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Oncogenic pathway signatures in human cancers as a guide to targeted therapies


The development of an oncogenic state is a complex process involving the accumulation of multiple independent mutations that lead to deregulation of cell signalling pathways central to the control of cell growth and cell fate1,2,3. The ability to define cancer subtypes, recurrence of disease and response to specific therapies using DNA microarray-based gene expression signatures has been demonstrated in multiple studies4. Various studies have also demonstrated the potential for using gene expression profiles for the analysis of oncogenic pathways5,6,7,8,9,10,11. Here we show that gene expression signatures can be identified that reflect the activation status of several oncogenic pathways. When evaluated in several large collections of human cancers, these gene expression signatures identify patterns of pathway deregulation in tumours and clinically relevant associations with disease outcomes. Combining signature-based predictions across several pathways identifies coordinated patterns of pathway deregulation that distinguish between specific cancers and tumour subtypes. Clustering tumours based on pathway signatures further defines prognosis in respective patient subsets, demonstrating that patterns of oncogenic pathway deregulation underlie the development of the oncogenic phenotype and reflect the biology and outcome of specific cancers. Predictions of pathway deregulation in cancer cell lines are also shown to predict the sensitivity to therapeutic agents that target components of the pathway. Linking pathway deregulation with sensitivity to therapeutics that target components of the pathway provides an opportunity to make use of these oncogenic pathway signatures to guide the use of targeted therapeutics.

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Figure 1: Gene expression patterns that predict oncogenic pathway deregulation.
Figure 2: Validation of pathway predictions in tumours.
Figure 3: Patterns of pathway deregulation in human cancers.
Figure 4: Pathway deregulation in breast cancer cell lines predicts drug sensitivity.


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We are grateful to P. Bild for the inspiration to pursue this research. We also thank K. Shianna, J. Freedman, S. Mori, L. Jakoi and K. Culler for their assistance. A.H.B. has been supported by an AACR-Anna D. Barker Fellowship and an ACS Postdoctoral Fellowship. This work was supported by grants from the NIH (to J.R.N.). Author Contributions A.H.B. was responsible for all experimental work and computational data analysis. A.H.B. and J.R.N. were responsible for project planning and data analysis. G.Y., J.T.C. and Q.W. were responsible for generation of specialized computer programs used in these studies. H.K.D. and A.P. provided intellectual input and data management support. D.C. and M.-B.J. provided technical support for experiments. M.W. was responsible for conception of the statistical approach and intellectual input. A.B., J.M.L., J.R.M., J.A.O. and D.H. were responsible for the development of clinical resources used in the study.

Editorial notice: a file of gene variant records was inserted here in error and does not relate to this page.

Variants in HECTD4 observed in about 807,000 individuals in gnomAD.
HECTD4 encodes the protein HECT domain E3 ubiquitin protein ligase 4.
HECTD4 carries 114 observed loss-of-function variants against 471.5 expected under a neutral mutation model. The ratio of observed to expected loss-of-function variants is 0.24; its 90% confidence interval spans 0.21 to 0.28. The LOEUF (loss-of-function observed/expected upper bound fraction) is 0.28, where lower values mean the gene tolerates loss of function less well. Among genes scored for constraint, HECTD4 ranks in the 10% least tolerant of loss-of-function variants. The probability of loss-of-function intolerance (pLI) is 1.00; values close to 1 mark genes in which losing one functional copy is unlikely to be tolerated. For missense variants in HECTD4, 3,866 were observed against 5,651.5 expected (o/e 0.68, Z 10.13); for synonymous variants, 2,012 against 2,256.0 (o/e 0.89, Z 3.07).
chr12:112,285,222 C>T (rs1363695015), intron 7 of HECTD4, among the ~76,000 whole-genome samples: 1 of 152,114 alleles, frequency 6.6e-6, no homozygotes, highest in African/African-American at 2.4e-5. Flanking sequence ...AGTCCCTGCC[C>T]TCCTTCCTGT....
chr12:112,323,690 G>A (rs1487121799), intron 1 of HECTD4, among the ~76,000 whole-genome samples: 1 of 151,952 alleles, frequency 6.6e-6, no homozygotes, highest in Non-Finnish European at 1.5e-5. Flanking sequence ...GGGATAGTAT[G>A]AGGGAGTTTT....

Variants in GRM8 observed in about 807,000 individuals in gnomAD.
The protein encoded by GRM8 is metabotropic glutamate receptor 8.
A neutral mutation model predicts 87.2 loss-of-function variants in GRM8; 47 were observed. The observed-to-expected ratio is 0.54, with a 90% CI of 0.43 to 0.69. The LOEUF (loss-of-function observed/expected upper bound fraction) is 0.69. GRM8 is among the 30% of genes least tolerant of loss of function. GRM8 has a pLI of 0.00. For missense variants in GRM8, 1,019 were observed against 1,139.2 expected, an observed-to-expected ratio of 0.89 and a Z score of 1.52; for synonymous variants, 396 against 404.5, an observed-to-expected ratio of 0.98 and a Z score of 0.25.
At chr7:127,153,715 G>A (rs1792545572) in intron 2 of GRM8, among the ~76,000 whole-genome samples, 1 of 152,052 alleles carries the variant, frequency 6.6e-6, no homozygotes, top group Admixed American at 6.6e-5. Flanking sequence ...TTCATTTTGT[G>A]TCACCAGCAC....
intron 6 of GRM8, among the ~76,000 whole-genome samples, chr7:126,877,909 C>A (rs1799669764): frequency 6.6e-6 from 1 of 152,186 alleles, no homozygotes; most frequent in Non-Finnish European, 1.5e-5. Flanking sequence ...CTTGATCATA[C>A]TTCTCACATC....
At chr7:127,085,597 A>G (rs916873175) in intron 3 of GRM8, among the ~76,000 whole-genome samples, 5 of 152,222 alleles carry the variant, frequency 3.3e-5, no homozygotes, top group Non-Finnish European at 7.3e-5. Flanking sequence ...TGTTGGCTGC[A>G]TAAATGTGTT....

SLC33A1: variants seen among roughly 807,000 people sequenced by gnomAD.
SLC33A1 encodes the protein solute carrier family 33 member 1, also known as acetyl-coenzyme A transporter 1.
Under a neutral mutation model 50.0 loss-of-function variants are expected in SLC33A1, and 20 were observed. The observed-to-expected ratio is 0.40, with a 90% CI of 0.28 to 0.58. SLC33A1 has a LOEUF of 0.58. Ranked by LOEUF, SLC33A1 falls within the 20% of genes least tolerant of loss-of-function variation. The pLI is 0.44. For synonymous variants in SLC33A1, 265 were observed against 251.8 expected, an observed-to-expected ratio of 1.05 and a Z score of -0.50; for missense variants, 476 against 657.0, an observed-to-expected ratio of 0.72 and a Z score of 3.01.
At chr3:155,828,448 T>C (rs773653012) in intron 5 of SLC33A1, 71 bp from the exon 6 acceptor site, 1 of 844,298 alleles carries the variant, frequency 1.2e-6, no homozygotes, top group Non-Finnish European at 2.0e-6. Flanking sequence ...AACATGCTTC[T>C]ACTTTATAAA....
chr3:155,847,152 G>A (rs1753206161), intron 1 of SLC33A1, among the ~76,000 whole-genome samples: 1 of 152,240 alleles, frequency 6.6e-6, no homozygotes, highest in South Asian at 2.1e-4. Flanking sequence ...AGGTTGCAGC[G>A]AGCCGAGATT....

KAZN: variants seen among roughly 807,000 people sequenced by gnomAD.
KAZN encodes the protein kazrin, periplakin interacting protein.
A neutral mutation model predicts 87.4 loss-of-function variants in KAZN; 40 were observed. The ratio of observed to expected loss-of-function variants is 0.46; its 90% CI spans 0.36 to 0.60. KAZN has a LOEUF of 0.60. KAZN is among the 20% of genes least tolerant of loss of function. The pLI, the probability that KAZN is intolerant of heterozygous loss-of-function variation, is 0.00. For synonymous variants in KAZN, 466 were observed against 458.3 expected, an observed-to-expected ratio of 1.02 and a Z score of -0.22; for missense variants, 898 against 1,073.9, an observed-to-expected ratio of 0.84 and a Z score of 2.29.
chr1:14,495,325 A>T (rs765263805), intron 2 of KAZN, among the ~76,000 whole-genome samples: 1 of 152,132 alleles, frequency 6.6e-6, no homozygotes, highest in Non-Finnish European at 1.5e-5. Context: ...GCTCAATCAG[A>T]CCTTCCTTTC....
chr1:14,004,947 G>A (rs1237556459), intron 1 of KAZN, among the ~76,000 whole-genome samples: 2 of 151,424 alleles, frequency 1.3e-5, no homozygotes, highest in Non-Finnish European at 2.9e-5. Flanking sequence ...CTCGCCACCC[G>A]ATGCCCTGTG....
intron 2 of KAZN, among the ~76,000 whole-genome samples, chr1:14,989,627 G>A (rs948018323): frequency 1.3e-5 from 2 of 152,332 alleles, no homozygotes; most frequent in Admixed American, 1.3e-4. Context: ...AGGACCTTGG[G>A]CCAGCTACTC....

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Correspondence to Joseph R. Nevins.

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Competing interests

The GEO accession numbers for the datasets are: GSE3156, breast cancer cell lines; GSE3158, mouse tumour data set; GSE3151, oncogene signature data set; GSE3141, lung cancer data set; GSE3143, breast cancer data set; GSE3149, ovarian cancer data set. Reprints and permissions information is available at The authors declare no competing financial interests.

Supplementary information

Supplementary Table 1

Genes that predict pathway deregulation. (PDF 89 kb)

Supplementary Table 2

Ras mutation status in NSCLC samples. (PDF 39 kb)

Supplementary Table 3

Characteristics of breast cancer cell lines. (PDF 53 kb)

Supplementary Figure 1

Biochemical assays of pathway activation. (PDF 190 kb)

Supplementary Figure 2

Gene expression patterns that predict oncogenic pathway deregulation. (PDF 506 kb)

Supplementary Figure 3

Validation of pathway predictions in tumors. (PDF 300 kb)

Supplementary Figure 4

Kaplan-Meier survival analysis for cancer patients based on individual pathway predictions for the tumor dataset. (PDF 2243 kb)

Supplementary Figure 5

Assays for pathway activities in breast cancer cell lines. (PDF 206 kb)

Supplementary Figure 6

Relationship of drug sensitivity to predictions of untargeted pathways. (PDF 551 kb)

Supplementary Methods

This file contains a more detailed materials and methods description. (DOC 38 kb)

Supplementary Legends

Legends to accompany the above Supplementary Figures and Supplementary Tables. (DOC 28 kb)

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Bild, A., Yao, G., Chang, J. et al. Oncogenic pathway signatures in human cancers as a guide to targeted therapies. Nature 439, 353–357 (2006).

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